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While it’s easy to put professional athletes on a pedestal, at the end of the day, they’re all humans. We’ve recently had seen a reminder of that reality, with DeSean Jackson sharing antisemitic content on social media. Long before Jackson, however, Tim Hardaway made headlines with his own hateful comments.

In 2007, the former NBA guard infamously proclaimed that he “[hated gay people” and was unabashedly homophobic. After that interview, however, Hardaway apologized and, more importantly, showed the proper way to make amends for a mistake.

Tim Hardaway was a talented NBA player

These days, Tim Hardaway’s name is synonymous with his homophobic comments. During his time on the court, however, he was a pretty talented player.

After high school, Hardaway took his talents to UTEP. While the guard didn’t make much of an impact as a freshman—he only averaged 4.1 per outing during his first seasons with the Miners—he developed into a legitimate star. Hardaway’s stats increased year over year, culminating with a 22 point and 5.4 assist per game senior campaign.

The Golden State Warriors selected Hardaway with the 14th overall pick of the 1989 NBA draft, and the guard promptly slotted into the starting lineup. By his second season in the association, the guard was dropping more than 20 points per outing and earned a place in the All-Star Game. With Run TMC leading the way, the Warriors made back-to-back playoff appearances.

While Hardaway missed the entire 1993-94 season with a knee injury and left Golden State during the 1995-95 campaign, he continued to impress. Alonzo Mourning might have gotten most of the headlines with the Miami Heat, but the veteran guard was a key contributor.

After brief stints with the Mavs, Nuggets, and Pacers, Hardaway’s NBA career concluded in 2003. He played a total of 867 games in the association, averaging 17.7 points, 3.3 rebounds, and 9.2 assists per outing; the guard also appeared in five All-Star Games and made five All-NBA teams.

Ruining his reputation with a homophobic interview

While Hardaway’s NBA playing career ended after the 2003 campaign, his legacy changed on an infamous day in 2007.

On February 14, the guard appeared on The Dan Le Batard Show and fielded a question about the possibility of having a gay teammate. Rather than offering his support, Hardaway provided an unabashedly homophobic response.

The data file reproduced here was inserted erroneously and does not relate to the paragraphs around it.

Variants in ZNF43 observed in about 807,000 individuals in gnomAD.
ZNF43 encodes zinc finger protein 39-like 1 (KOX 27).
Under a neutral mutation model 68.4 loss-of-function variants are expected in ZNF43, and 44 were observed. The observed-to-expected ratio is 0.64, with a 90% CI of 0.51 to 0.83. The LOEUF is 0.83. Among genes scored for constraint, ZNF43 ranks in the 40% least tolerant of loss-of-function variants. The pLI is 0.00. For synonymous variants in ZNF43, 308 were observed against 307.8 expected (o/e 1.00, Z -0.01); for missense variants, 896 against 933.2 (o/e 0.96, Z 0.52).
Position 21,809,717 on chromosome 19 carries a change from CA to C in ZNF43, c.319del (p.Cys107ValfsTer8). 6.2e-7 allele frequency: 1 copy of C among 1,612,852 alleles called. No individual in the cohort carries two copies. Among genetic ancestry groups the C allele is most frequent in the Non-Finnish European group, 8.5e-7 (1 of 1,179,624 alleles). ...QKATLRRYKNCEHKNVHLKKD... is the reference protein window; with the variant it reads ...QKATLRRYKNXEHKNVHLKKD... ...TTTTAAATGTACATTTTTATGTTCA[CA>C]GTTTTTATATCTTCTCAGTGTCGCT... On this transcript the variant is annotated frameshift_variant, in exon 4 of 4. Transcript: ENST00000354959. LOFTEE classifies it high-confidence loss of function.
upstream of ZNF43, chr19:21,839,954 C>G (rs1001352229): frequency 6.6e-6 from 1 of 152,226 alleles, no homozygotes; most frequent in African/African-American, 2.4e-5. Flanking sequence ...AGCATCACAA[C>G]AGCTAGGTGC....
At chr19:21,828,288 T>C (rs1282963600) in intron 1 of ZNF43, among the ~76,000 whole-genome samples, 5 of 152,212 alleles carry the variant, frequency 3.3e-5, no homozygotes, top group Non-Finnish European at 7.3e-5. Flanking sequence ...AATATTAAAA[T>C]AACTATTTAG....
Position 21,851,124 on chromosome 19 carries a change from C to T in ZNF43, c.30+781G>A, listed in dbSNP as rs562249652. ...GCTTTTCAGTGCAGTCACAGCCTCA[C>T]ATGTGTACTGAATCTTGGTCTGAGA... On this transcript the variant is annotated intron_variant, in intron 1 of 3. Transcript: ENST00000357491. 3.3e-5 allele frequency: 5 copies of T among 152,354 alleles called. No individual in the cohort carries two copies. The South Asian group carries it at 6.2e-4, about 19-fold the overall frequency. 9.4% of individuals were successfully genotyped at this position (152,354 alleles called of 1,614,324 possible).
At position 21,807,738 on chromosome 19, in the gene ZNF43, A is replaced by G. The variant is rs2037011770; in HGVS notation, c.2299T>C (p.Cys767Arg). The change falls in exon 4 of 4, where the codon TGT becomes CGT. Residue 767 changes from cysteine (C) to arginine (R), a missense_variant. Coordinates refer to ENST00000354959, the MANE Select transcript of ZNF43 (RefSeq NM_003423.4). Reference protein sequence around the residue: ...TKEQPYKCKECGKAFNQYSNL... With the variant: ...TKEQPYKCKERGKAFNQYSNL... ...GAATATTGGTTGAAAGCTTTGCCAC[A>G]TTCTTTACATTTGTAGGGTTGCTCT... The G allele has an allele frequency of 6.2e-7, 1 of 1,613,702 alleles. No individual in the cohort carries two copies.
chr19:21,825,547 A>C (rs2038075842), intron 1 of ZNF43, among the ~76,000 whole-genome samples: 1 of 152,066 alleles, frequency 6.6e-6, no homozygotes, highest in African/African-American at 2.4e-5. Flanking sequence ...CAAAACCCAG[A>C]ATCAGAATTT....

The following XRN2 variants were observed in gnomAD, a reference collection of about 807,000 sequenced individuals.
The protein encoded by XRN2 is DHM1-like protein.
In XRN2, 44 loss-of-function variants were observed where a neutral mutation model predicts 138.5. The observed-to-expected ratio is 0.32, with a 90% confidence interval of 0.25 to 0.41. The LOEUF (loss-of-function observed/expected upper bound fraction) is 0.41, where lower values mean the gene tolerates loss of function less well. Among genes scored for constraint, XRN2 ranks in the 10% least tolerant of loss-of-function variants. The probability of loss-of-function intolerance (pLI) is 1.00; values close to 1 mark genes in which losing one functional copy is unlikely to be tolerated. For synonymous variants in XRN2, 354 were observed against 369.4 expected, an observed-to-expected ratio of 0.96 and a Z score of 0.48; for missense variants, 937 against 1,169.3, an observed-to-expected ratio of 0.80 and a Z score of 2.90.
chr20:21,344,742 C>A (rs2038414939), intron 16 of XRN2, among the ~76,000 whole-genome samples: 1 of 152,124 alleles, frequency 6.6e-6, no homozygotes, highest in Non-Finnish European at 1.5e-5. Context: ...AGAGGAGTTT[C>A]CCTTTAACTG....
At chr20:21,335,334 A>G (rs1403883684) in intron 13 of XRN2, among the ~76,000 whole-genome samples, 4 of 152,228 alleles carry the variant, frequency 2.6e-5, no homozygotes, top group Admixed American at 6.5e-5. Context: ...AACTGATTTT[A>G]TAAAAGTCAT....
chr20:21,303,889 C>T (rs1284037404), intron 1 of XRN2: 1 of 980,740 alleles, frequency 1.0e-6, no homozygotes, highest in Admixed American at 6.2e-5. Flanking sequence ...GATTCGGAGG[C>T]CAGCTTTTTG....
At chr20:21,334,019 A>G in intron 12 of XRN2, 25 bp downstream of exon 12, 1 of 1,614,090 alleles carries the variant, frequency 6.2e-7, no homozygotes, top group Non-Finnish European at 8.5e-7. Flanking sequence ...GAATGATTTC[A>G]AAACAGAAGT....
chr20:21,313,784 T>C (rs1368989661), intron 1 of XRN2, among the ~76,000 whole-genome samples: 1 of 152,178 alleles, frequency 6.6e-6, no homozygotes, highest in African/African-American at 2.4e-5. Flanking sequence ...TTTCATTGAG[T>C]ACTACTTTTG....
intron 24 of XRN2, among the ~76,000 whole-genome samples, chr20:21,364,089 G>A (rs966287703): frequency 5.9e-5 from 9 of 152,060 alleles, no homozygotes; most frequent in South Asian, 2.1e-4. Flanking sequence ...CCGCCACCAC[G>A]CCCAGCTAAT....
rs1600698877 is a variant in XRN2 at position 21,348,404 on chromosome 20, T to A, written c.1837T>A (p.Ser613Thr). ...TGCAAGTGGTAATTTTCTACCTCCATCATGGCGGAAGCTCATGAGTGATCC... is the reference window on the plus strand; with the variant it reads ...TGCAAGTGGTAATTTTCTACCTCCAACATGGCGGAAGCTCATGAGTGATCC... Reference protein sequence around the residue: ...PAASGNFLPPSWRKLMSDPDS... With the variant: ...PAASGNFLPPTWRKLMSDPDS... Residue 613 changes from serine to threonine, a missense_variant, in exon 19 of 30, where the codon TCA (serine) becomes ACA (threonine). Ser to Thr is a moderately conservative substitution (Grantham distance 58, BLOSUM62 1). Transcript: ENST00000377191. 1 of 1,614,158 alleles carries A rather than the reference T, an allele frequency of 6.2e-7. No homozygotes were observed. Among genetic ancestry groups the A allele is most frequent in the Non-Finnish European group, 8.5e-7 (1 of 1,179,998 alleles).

“Well, you know, I hate gay people, so I let it be known,” he said, as recounted by Tim Bontemps of the Washington Post. “I don’t like gay people, and I don’t like to be around gay people. I am homophobic. I don’t like it. It shouldn’t be in the world or in the United States. So, yeah, I don’t like it.”

While he promptly apologized, the damage had already been done. Hardaway was banned from that year’s NBA All-Star Game; to this day, those comments are probably at least part of the reason why he still isn’t in the Basketball Hall of Fame.

Tim Hardaway showed the proper way to apologize


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Tim Hardaway’s action didn’t stop with his apology, though. Crucially, he changed his behavior to back up his words.

Following his hateful interview, Hardaway listened, learned, and started to walk the walk. “In the years following the radio interview, Hardaway has become an outspoken advocate for LGBTQ rights, including working with The Trevor Project, a nonprofit group that focuses on suicide prevention for LGBTQ youth,” Bontemps’ article explained.

“He also became the first signer of a petition to legalize same-sex marriage in the state of Florida. In 2011, Hardaway attended a rally in El Paso — where he had been a college star at UTEP years earlier — to support the city’s mayor, John Cook, who was facing an attempted recall vote (which later failed) after allowing domestic partnership rights for gay and unmarried couples.” When Jason Collins came out as gay in 2013, he received a phone call from Hardaway, lending his support.

According to those who know him, like Stan Van Gundy, the former guard has had a “genuine change of heart.” That, not his apology, is what stands out today.

As DeSean Jackson painfully proved, Tim Hardaway wasn’t the last professional athlete to make an awful, public comment. The veteran guard, however, was one of the rare public figures to offer a proper apology, then back it up.

Stats courtesy of Sports-Reference and Basketball-Reference